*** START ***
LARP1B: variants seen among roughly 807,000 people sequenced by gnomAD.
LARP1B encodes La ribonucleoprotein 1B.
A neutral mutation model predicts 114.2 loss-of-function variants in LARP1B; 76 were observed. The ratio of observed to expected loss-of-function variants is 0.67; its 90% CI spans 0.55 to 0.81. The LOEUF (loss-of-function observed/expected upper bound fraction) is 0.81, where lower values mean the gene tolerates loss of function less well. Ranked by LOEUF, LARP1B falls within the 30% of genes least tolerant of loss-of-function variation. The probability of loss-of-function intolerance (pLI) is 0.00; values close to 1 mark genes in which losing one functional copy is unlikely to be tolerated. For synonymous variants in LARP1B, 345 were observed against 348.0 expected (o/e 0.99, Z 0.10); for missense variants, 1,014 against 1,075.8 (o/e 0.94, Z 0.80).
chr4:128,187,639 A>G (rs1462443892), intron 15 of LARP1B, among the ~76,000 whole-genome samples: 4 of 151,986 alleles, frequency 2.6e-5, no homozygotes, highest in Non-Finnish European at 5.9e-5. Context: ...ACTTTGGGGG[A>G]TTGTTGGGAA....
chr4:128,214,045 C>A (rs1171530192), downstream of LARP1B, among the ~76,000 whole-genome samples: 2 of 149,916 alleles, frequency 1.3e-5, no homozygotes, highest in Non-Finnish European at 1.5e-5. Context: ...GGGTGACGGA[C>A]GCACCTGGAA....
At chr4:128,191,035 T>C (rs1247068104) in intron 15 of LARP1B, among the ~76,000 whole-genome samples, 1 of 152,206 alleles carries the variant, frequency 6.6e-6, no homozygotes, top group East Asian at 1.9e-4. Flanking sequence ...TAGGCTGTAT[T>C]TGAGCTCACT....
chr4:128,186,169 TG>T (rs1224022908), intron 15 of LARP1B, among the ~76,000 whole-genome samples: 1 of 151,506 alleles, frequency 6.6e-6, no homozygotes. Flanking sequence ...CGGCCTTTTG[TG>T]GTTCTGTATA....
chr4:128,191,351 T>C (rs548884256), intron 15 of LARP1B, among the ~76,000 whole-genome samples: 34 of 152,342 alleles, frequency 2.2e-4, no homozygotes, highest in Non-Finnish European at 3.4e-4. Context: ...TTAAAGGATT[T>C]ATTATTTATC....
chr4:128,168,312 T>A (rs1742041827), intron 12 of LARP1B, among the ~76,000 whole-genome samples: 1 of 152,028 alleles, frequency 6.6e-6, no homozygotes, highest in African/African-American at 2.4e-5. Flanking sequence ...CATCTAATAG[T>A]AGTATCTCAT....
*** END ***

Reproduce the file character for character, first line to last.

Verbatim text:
LARP1B: variants seen among roughly 807,000 people sequenced by gnomAD.
LARP1B encodes La ribonucleoprotein 1B.
A neutral mutation model predicts 114.2 loss-of-function variants in LARP1B; 76 were observed. The ratio of observed to expected loss-of-function variants is 0.67; its 90% CI spans 0.55 to 0.81. The LOEUF (loss-of-function observed/expected upper bound fraction) is 0.81, where lower values mean the gene tolerates loss of function less well. Ranked by LOEUF, LARP1B falls within the 30% of genes least tolerant of loss-of-function variation. The probability of loss-of-function intolerance (pLI) is 0.00; values close to 1 mark genes in which losing one functional copy is unlikely to be tolerated. For synonymous variants in LARP1B, 345 were observed against 348.0 expected (o/e 0.99, Z 0.10); for missense variants, 1,014 against 1,075.8 (o/e 0.94, Z 0.80).
chr4:128,187,639 A>G (rs1462443892), intron 15 of LARP1B, among the ~76,000 whole-genome samples: 4 of 151,986 alleles, frequency 2.6e-5, no homozygotes, highest in Non-Finnish European at 5.9e-5. Context: ...ACTTTGGGGG[A>G]TTGTTGGGAA....
chr4:128,214,045 C>A (rs1171530192), downstream of LARP1B, among the ~76,000 whole-genome samples: 2 of 149,916 alleles, frequency 1.3e-5, no homozygotes, highest in Non-Finnish European at 1.5e-5. Context: ...GGGTGACGGA[C>A]GCACCTGGAA....
At chr4:128,191,035 T>C (rs1247068104) in intron 15 of LARP1B, among the ~76,000 whole-genome samples, 1 of 152,206 alleles carries the variant, frequency 6.6e-6, no homozygotes, top group East Asian at 1.9e-4. Flanking sequence ...TAGGCTGTAT[T>C]TGAGCTCACT....
chr4:128,186,169 TG>T (rs1224022908), intron 15 of LARP1B, among the ~76,000 whole-genome samples: 1 of 151,506 alleles, frequency 6.6e-6, no homozygotes. Flanking sequence ...CGGCCTTTTG[TG>T]GTTCTGTATA....
chr4:128,191,351 T>C (rs548884256), intron 15 of LARP1B, among the ~76,000 whole-genome samples: 34 of 152,342 alleles, frequency 2.2e-4, no homozygotes, highest in Non-Finnish European at 3.4e-4. Context: ...TTAAAGGATT[T>C]ATTATTTATC....
chr4:128,168,312 T>A (rs1742041827), intron 12 of LARP1B, among the ~76,000 whole-genome samples: 1 of 152,028 alleles, frequency 6.6e-6, no homozygotes, highest in African/African-American at 2.4e-5. Flanking sequence ...CATCTAATAG[T>A]AGTATCTCAT....